When fiber artist Pamela Palma found herself with an abundance of yarn left over from previous projects, she decided to “yarn-bomb” the column in her art studio. Soon, visitors started stopping by her studio to see her art and the yarn-covered pole. The project and the attention it received inspired her to create a guild for fiber artists called Fantastic Fibers Miami. The group has worked as a team to yarn-bomb spaces ever since.

According to Palma, the best way to begin preparing for yarn-bombing is to ask people to donate their spare yarn––and not to be picky. “We’re especially happy when we get the stuff that you would never really want to wear, like icky acrylic or bright colors,” Palma explained. These types of yarn are excellent for bombing due to their bright hues and eye-catching textures.

Next, knit or crochet long panels of yarn that you can bring to the site; if you’re working with columns or another simple shape, try wrapping the pieces around the architecture. An easy way to attach the top and bottom of the panels together is to safety pin them, though you may need a lot. When Fantastic Fibers yarn-bombed Miami’s Museum of Contemporary Art in January, they used about 10,000 safety pins.  

Lastly, Palma’s top tip for beginners is to avoid guerilla-style yarn-bombing––where you cover a site in fiber art without permission. Instead, try to work with a property owner or an art institution to secure a space. “When you know you have support from the community, then you know they’re going to look after it,” Palma noted.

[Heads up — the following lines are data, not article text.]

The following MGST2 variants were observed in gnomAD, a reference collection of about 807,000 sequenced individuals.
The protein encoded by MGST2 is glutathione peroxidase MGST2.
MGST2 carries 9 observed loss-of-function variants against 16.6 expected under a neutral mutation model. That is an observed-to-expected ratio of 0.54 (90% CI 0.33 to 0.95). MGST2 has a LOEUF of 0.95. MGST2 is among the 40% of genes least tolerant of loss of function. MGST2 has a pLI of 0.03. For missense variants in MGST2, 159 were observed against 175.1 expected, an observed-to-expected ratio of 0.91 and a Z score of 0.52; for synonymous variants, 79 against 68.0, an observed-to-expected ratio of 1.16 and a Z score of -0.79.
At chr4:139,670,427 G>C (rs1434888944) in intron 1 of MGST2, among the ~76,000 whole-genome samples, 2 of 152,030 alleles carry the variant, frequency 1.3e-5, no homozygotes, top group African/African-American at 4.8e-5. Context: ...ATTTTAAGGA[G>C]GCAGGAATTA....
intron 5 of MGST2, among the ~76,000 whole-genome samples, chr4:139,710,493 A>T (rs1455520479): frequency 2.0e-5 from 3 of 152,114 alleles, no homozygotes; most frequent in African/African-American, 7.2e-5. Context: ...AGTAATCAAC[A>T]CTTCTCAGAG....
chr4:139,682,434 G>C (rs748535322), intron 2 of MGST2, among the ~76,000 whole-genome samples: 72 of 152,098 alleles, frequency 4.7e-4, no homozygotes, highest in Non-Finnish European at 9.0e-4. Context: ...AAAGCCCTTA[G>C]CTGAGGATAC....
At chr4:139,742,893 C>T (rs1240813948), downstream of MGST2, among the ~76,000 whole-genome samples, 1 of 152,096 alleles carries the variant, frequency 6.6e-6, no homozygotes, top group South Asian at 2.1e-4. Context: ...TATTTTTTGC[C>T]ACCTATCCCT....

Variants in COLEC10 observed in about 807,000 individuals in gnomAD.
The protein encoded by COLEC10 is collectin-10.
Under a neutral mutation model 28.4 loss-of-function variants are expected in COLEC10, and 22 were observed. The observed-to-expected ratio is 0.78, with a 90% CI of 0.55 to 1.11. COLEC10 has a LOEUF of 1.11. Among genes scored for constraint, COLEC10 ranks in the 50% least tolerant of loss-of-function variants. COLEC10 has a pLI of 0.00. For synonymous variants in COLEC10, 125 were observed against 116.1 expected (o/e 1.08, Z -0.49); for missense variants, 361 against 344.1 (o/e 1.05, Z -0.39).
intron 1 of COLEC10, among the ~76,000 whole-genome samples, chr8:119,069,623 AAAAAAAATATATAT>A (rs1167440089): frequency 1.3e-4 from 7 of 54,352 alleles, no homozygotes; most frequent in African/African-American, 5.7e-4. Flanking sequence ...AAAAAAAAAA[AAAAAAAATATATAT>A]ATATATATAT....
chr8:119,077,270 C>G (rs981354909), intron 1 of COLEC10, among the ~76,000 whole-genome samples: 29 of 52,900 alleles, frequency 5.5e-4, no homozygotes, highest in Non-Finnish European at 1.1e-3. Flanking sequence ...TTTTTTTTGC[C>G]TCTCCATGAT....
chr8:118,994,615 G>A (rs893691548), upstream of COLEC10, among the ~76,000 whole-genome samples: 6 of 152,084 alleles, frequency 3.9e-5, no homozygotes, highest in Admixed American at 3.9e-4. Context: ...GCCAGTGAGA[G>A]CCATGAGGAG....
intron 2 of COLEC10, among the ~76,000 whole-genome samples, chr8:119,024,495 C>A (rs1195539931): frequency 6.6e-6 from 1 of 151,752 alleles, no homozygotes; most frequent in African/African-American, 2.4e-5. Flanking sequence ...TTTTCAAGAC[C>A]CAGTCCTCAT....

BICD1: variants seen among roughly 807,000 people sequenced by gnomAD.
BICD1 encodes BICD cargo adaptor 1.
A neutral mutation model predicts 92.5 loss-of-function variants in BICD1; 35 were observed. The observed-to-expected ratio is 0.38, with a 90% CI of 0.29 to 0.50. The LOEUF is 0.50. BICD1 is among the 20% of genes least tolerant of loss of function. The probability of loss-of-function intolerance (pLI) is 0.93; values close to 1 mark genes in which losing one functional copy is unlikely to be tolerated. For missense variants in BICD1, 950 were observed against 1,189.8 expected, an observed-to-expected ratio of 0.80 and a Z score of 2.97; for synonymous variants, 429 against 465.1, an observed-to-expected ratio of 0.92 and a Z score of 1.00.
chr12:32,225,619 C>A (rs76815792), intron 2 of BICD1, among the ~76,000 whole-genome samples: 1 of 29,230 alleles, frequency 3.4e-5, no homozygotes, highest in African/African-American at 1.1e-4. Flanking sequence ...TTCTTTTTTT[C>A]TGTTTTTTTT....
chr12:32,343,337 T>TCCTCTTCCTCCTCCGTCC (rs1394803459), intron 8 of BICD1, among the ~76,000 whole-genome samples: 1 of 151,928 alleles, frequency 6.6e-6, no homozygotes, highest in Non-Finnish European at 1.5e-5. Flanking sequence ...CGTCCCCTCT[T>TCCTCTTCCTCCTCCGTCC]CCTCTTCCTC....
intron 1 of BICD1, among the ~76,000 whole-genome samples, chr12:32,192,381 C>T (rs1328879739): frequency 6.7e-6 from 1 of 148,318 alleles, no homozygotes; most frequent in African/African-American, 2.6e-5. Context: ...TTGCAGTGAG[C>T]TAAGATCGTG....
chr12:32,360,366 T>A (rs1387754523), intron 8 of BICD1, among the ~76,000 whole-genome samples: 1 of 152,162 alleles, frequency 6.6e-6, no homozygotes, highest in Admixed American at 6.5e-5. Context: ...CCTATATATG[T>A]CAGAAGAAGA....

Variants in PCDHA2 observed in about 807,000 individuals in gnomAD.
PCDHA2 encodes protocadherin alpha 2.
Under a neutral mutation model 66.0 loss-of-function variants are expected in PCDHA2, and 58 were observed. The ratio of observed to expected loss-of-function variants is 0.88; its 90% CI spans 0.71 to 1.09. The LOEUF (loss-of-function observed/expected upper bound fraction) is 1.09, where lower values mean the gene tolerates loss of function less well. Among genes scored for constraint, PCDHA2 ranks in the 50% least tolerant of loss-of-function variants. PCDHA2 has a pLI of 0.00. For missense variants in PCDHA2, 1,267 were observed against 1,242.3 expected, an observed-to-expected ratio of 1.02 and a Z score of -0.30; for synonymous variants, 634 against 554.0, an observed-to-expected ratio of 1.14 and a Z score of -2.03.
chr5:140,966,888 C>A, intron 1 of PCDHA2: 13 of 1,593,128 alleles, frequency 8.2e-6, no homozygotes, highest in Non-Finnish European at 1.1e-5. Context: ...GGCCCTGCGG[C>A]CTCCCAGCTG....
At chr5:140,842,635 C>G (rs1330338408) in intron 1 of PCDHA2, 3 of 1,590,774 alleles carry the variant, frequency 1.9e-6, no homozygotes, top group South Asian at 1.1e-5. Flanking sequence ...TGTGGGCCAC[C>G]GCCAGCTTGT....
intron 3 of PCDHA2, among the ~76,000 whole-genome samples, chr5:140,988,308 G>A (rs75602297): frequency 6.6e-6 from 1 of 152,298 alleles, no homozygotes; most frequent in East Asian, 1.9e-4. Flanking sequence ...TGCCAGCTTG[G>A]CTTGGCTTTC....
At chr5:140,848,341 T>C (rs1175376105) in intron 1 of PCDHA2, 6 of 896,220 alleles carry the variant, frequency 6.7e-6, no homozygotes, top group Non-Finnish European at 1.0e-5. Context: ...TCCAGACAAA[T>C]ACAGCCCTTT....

3. Gather people for a day of mending

Photo by Bobbi Menuez. Courtesy of Bridget Donahue.

Photo by Bobbi Menuez. Courtesy of Bridget Donahue.

Inspired by the tradition of sewing circles, artists Bobbi Menuez and Misty Pollen created “Day of Mending,” an event where the public was invited to bring their sewing and craft projects to New York gallery Bridget Donahue. The artists encouraged fellow craftspeople to work on their projects together, and welcomed participants with little sewing knowledge by offering skill sharing––a kind of swap where people exchange expertise––on site. By gathering strangers and friends to help assist one another with sewing projects, the duo created a space for learning, friendship, and conversation to spur.

So instead of tossing clothes that need to be mended into the back of a closet––where they’ll be sure to gather dust in the wake of your procrastination––organize your own day of mending. Start off by inviting a few friends to bring a project to a space; the projects can vary, from repairing a hole in a pair of jeans to sewing a garment from a pattern, and the location can even be your living room or a park. To make the space a ground for new friendships, ask attendees to bring someone with them; to ensure that everyone has the materials they need, make sure to bring some extra supplies such as needles, threads, spare fabric, pins, scissors, and measuring tape. The communal atmosphere will provide the motivation needed to work on projects, swap skills, and spark a conversation with someone new.

Eli Hill

Cover image: Photo by Orhan Cicek/Anadolu Agency/Getty Images.